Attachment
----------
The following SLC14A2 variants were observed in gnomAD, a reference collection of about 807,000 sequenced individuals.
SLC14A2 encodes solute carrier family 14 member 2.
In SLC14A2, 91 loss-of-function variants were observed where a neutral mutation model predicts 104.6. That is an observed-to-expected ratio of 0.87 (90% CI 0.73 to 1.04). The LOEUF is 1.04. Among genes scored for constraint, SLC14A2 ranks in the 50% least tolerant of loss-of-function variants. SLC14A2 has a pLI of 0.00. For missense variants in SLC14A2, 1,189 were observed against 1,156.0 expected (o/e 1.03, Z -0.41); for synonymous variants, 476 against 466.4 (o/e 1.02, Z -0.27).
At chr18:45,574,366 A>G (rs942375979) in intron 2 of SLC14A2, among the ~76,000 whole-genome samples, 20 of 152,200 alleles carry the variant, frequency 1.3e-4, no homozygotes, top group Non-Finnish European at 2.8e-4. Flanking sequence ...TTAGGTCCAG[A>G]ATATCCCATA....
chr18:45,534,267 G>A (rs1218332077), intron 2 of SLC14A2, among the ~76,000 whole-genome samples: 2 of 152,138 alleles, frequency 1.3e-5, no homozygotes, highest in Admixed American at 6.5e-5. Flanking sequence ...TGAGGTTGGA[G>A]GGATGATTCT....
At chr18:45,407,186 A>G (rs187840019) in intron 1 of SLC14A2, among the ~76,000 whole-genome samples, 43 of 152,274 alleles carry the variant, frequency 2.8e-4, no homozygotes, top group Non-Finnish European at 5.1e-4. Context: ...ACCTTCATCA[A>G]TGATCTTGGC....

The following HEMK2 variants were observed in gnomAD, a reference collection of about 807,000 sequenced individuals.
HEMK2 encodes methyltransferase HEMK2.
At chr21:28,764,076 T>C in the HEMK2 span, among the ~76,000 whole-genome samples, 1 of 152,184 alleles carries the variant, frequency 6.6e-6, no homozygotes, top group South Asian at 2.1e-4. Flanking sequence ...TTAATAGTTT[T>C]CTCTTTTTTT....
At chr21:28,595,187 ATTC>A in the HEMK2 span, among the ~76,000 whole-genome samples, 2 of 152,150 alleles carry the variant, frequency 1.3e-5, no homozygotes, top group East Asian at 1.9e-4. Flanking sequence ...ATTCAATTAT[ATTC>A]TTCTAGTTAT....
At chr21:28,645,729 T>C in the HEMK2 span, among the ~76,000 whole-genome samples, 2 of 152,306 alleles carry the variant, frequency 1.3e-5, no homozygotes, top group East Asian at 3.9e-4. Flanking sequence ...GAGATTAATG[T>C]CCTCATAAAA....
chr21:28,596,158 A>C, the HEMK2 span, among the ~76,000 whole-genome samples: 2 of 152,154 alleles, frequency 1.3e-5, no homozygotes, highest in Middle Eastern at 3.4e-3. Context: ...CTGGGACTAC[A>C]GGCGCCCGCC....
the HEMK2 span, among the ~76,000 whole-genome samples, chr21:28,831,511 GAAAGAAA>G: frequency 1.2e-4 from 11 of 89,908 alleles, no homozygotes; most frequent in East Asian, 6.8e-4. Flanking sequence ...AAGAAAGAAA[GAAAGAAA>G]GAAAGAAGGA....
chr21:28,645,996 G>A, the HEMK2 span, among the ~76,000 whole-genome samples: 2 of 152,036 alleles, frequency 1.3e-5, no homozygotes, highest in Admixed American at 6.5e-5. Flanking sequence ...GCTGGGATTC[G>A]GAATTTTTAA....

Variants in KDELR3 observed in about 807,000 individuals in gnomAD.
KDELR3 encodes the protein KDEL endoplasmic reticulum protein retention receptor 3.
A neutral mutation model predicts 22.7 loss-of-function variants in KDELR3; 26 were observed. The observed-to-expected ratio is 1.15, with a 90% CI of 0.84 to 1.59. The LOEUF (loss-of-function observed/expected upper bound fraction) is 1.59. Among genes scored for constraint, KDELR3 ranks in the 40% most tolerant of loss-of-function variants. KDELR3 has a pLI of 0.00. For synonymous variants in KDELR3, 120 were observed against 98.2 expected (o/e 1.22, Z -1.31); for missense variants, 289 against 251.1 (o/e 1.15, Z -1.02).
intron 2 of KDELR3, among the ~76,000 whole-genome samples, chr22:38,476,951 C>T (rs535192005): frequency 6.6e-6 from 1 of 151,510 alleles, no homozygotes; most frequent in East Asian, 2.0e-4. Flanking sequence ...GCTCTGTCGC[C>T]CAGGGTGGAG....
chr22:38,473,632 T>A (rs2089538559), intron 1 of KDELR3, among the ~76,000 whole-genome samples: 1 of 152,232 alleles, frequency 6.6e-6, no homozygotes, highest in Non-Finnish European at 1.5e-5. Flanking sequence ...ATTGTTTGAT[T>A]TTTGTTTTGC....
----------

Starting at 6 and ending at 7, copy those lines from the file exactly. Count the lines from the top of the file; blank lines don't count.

At chr18:45,407,186 A>G (rs187840019) in intron 1 of SLC14A2, among the ~76,000 whole-genome samples, 43 of 152,274 alleles carry the variant, frequency 2.8e-4, no homozygotes, top group Non-Finnish European at 5.1e-4. Context: ...ACCTTCATCA[A>G]TGATCTTGGC....

The following HEMK2 variants were observed in gnomAD, a reference collection of about 807,000 sequenced individuals.